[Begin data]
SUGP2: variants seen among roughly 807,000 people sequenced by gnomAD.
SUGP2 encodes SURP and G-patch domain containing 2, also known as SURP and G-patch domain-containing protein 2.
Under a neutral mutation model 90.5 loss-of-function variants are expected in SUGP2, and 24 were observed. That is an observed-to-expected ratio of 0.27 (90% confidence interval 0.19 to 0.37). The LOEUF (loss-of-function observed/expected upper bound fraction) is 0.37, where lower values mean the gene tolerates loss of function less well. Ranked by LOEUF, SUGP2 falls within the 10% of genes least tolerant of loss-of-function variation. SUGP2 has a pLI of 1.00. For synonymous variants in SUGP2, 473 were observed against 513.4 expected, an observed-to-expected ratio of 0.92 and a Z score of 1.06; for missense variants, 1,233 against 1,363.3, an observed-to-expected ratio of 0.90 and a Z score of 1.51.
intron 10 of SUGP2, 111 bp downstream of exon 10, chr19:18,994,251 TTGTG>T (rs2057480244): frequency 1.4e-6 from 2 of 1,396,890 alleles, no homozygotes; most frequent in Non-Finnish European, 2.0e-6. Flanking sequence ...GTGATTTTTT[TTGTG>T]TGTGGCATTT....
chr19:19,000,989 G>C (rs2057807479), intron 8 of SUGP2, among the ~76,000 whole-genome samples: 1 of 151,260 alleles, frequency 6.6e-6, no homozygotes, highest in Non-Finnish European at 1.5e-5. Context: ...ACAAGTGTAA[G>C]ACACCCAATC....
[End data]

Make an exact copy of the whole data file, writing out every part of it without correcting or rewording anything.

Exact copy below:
SUGP2: variants seen among roughly 807,000 people sequenced by gnomAD.
SUGP2 encodes SURP and G-patch domain containing 2, also known as SURP and G-patch domain-containing protein 2.
Under a neutral mutation model 90.5 loss-of-function variants are expected in SUGP2, and 24 were observed. That is an observed-to-expected ratio of 0.27 (90% confidence interval 0.19 to 0.37). The LOEUF (loss-of-function observed/expected upper bound fraction) is 0.37, where lower values mean the gene tolerates loss of function less well. Ranked by LOEUF, SUGP2 falls within the 10% of genes least tolerant of loss-of-function variation. SUGP2 has a pLI of 1.00. For synonymous variants in SUGP2, 473 were observed against 513.4 expected, an observed-to-expected ratio of 0.92 and a Z score of 1.06; for missense variants, 1,233 against 1,363.3, an observed-to-expected ratio of 0.90 and a Z score of 1.51.
intron 10 of SUGP2, 111 bp downstream of exon 10, chr19:18,994,251 TTGTG>T (rs2057480244): frequency 1.4e-6 from 2 of 1,396,890 alleles, no homozygotes; most frequent in Non-Finnish European, 2.0e-6. Flanking sequence ...GTGATTTTTT[TTGTG>T]TGTGGCATTT....
chr19:19,000,989 G>C (rs2057807479), intron 8 of SUGP2, among the ~76,000 whole-genome samples: 1 of 151,260 alleles, frequency 6.6e-6, no homozygotes, highest in Non-Finnish European at 1.5e-5. Context: ...ACAAGTGTAA[G>C]ACACCCAATC....